St. Thomas More is depicted on a stone carving in the center of the chapel of the martyrs at Westminster Cathedral, to one side of the crucified Christ. On the other side is another early Reformation martyr, St. John Fisher, the bishop of Rochester. A staunch supporter of Queen Catherine, Fisher preached in public against the king's divorce, once even saying he was prepared to die for the indissolubility of Catherine's marriage to Henry. After refusing to accept Henry as head of the Church, he was imprisoned and accused of treachery. In 1535, Fisher was made a cardinal by the Pope in a bid to induce Henry to treat Fisher less severely. Instead, Henry prevented the cardinal's hat from arriving in England and said he would send Fisher's head to Rome instead. Fisher was beheaded at Tower Hill on June 22, 1535, and his head was stuck on a pike to deter others from similar treason. It is said to have remained so life-like and healthy that after a fortnight the authorities threw it into the Thames. Both St. John Fisher and St. Thomas More were canonized in 1935.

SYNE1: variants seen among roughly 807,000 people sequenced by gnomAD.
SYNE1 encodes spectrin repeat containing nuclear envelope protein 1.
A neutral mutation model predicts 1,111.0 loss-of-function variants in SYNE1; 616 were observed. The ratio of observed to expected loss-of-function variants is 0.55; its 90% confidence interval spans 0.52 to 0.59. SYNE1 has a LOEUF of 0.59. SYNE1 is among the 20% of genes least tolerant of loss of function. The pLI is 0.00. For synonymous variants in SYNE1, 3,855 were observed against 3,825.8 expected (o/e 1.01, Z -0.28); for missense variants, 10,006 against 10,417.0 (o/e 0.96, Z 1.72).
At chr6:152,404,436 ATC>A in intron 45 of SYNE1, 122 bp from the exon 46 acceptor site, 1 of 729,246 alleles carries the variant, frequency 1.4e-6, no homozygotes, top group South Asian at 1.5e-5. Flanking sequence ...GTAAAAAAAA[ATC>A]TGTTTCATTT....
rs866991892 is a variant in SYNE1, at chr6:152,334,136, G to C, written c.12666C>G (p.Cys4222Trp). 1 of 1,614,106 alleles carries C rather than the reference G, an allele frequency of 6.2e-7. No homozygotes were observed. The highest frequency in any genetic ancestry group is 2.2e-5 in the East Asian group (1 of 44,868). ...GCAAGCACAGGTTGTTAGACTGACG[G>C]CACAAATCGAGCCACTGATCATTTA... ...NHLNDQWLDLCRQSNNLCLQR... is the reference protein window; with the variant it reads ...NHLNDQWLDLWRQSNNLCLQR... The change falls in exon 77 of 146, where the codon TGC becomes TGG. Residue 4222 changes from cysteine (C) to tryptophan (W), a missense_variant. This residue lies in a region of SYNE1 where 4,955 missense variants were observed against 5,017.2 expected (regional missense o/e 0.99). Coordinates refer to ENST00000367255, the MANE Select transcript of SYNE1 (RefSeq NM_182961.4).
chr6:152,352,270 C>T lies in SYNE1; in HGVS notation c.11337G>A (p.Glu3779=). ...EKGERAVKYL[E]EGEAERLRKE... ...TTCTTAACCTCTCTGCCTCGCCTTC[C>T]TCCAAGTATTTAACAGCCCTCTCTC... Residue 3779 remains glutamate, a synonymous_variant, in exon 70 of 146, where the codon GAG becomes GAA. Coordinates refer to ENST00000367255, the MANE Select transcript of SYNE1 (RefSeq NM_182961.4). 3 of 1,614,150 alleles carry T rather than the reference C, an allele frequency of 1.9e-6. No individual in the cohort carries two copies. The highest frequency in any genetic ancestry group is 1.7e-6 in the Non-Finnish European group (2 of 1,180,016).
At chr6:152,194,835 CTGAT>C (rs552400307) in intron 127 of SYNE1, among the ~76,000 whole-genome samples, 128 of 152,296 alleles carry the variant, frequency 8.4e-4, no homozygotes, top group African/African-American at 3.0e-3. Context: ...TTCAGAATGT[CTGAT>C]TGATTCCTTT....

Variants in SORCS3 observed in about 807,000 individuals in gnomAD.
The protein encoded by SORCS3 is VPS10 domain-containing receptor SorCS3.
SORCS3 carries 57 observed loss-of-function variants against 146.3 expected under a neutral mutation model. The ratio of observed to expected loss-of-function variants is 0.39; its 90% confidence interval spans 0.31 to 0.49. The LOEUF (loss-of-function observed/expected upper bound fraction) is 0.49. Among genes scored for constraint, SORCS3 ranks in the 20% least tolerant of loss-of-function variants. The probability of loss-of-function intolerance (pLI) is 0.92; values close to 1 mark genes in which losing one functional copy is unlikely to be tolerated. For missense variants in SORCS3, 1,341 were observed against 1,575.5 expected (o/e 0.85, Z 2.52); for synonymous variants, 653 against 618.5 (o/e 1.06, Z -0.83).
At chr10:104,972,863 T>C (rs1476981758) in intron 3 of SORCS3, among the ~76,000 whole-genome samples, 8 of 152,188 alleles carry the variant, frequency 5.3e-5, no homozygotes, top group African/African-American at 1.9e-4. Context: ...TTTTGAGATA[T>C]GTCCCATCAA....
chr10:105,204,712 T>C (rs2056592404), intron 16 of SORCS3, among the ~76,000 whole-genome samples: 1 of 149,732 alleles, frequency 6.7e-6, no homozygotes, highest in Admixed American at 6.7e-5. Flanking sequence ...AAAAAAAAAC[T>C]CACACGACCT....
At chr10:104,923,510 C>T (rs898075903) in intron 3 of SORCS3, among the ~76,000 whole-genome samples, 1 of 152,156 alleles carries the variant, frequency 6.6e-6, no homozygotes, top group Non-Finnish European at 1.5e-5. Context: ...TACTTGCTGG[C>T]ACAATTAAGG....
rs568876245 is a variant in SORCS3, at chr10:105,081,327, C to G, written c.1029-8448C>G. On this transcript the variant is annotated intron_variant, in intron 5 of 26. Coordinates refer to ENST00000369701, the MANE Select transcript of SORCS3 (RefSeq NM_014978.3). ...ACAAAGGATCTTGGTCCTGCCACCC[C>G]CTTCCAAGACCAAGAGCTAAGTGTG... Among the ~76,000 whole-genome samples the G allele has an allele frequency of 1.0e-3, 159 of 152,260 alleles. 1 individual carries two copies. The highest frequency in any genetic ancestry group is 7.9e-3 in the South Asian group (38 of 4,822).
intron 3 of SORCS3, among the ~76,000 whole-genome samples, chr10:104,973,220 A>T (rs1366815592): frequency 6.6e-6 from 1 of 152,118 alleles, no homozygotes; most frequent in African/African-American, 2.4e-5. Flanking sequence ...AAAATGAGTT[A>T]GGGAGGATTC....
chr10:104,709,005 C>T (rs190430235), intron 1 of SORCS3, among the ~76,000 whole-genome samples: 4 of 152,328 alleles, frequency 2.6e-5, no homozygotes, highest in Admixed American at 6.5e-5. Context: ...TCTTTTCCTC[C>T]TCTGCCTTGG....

"My Faith Is My Crime"
The tomb of St. John Southworth is in the martyrs' chapel in Westminster, the only complete remains of an English martyr. The scion of a wealthy family in Lancashire, a pre-dominantly Catholic county in the northwest of England, Southworth was a priest who ministered to plague victims in London. He survived three imprisonments and was sent into exile several times before his eventual arrest in 1654. He was condemned to death after confessing that he was a priest, and he died at Tyburn on June 28, declaring, "My faith is my crime, the performance of my duty the occasion of my condemnation." Accounts differ as to whether it was the Spanish ambassador or an English Catholic nobleman, but someone bribed the hangmen to obtain Southworth's body. It was re-assembled, embalmed, and buried at Douai during the French Revolution. In 1927, the body of St. John Southworth was transferred to Westminster Cathedral.